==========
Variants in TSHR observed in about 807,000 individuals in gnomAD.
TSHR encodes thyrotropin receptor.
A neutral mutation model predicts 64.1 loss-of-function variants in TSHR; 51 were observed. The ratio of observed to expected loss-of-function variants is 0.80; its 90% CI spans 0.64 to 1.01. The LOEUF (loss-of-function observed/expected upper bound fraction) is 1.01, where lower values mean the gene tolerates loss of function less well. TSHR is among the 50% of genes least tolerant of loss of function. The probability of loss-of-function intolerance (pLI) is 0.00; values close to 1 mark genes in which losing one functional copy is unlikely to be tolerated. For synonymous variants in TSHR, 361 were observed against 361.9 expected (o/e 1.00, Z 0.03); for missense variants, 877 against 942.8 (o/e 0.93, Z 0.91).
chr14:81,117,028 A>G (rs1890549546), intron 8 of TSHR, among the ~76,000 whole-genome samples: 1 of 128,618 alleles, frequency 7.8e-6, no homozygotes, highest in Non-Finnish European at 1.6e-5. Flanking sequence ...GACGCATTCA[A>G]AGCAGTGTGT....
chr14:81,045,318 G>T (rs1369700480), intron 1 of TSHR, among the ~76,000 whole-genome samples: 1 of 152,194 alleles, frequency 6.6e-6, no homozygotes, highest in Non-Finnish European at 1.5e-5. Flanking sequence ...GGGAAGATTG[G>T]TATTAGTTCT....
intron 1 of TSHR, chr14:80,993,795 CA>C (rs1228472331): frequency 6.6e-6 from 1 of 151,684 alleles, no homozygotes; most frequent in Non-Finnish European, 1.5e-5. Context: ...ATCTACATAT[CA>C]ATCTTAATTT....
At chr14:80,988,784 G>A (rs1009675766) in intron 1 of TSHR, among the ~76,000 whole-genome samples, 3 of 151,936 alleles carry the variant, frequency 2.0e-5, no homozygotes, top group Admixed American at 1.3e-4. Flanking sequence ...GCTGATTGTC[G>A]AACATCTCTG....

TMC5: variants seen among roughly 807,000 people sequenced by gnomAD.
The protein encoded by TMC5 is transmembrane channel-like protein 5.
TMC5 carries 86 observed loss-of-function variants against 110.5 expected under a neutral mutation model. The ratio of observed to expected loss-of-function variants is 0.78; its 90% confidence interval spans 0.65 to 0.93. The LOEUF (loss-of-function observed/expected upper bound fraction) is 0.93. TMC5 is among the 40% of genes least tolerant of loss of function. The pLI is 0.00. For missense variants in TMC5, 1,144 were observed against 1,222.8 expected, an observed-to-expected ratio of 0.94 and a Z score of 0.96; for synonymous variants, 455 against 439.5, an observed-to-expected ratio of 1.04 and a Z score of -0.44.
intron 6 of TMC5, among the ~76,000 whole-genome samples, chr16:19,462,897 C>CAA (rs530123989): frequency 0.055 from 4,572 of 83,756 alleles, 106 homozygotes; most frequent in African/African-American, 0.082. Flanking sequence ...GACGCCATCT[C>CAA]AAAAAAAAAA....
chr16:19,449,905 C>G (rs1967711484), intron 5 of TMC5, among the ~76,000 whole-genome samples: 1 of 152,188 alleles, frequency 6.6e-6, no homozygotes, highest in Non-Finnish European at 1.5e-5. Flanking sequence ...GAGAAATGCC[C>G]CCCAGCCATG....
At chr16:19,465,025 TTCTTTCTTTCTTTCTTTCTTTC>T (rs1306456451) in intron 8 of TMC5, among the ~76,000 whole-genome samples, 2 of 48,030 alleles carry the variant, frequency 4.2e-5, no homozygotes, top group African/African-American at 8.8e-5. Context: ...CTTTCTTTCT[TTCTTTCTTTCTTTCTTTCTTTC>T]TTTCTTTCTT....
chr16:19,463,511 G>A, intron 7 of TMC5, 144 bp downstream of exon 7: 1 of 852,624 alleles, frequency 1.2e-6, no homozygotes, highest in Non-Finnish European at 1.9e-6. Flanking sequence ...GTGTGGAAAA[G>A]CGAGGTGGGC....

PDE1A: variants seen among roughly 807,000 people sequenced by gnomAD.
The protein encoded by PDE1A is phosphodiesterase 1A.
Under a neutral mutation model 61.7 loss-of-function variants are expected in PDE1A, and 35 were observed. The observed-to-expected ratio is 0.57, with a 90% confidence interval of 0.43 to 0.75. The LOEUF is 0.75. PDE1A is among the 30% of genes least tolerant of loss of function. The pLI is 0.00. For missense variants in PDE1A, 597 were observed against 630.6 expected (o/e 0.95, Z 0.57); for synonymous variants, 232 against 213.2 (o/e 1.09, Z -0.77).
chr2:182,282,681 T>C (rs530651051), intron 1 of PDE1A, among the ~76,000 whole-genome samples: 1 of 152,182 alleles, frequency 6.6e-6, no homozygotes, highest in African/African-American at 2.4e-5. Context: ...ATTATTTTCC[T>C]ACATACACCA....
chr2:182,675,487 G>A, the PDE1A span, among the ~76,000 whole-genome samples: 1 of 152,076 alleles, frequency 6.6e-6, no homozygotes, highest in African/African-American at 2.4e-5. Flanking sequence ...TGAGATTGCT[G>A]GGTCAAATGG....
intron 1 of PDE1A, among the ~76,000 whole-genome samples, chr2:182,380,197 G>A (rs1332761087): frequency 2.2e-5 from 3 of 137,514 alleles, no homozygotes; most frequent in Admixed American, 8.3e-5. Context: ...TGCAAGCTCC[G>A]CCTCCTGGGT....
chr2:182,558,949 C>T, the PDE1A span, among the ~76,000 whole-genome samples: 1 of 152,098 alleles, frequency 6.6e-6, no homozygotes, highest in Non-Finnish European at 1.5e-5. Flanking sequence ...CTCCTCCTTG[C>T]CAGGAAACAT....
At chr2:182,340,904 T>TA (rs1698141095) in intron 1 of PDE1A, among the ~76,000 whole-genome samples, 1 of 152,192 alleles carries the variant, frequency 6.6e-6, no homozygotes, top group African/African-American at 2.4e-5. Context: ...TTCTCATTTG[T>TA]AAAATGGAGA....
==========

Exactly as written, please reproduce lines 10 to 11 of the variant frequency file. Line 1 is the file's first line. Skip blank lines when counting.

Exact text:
TMC5 carries 86 observed loss-of-function variants against 110.5 expected under a neutral mutation model. The ratio of observed to expected loss-of-function variants is 0.78; its 90% confidence interval spans 0.65 to 0.93. The LOEUF (loss-of-function observed/expected upper bound fraction) is 0.93. TMC5 is among the 40% of genes least tolerant of loss of function. The pLI is 0.00. For missense variants in TMC5, 1,144 were observed against 1,222.8 expected, an observed-to-expected ratio of 0.94 and a Z score of 0.96; for synonymous variants, 455 against 439.5, an observed-to-expected ratio of 1.04 and a Z score of -0.44.
intron 6 of TMC5, among the ~76,000 whole-genome samples, chr16:19,462,897 C>CAA (rs530123989): frequency 0.055 from 4,572 of 83,756 alleles, 106 homozygotes; most frequent in African/African-American, 0.082. Flanking sequence ...GACGCCATCT[C>CAA]AAAAAAAAAA....